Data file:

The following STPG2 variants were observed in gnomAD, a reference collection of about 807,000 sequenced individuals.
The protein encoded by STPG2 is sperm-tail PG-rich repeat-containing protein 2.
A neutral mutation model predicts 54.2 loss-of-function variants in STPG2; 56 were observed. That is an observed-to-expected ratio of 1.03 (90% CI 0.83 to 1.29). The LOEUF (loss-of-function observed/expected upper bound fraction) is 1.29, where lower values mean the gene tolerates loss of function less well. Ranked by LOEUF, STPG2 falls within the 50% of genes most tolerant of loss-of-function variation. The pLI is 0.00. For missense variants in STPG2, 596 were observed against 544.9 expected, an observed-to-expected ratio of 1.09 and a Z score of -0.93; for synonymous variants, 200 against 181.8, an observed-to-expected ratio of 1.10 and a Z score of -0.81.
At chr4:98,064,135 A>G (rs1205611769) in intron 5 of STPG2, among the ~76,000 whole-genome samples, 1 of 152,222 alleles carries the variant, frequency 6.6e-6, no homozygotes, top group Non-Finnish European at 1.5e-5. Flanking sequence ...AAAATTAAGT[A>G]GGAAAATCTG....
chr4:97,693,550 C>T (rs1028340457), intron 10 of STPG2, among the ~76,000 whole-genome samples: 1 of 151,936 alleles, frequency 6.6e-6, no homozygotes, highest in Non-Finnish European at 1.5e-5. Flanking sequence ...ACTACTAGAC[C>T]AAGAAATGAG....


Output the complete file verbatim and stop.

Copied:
The following STPG2 variants were observed in gnomAD, a reference collection of about 807,000 sequenced individuals.
The protein encoded by STPG2 is sperm-tail PG-rich repeat-containing protein 2.
A neutral mutation model predicts 54.2 loss-of-function variants in STPG2; 56 were observed. That is an observed-to-expected ratio of 1.03 (90% CI 0.83 to 1.29). The LOEUF (loss-of-function observed/expected upper bound fraction) is 1.29, where lower values mean the gene tolerates loss of function less well. Ranked by LOEUF, STPG2 falls within the 50% of genes most tolerant of loss-of-function variation. The pLI is 0.00. For missense variants in STPG2, 596 were observed against 544.9 expected, an observed-to-expected ratio of 1.09 and a Z score of -0.93; for synonymous variants, 200 against 181.8, an observed-to-expected ratio of 1.10 and a Z score of -0.81.
At chr4:98,064,135 A>G (rs1205611769) in intron 5 of STPG2, among the ~76,000 whole-genome samples, 1 of 152,222 alleles carries the variant, frequency 6.6e-6, no homozygotes, top group Non-Finnish European at 1.5e-5. Flanking sequence ...AAAATTAAGT[A>G]GGAAAATCTG....
chr4:97,693,550 C>T (rs1028340457), intron 10 of STPG2, among the ~76,000 whole-genome samples: 1 of 151,936 alleles, frequency 6.6e-6, no homozygotes, highest in Non-Finnish European at 1.5e-5. Flanking sequence ...ACTACTAGAC[C>T]AAGAAATGAG....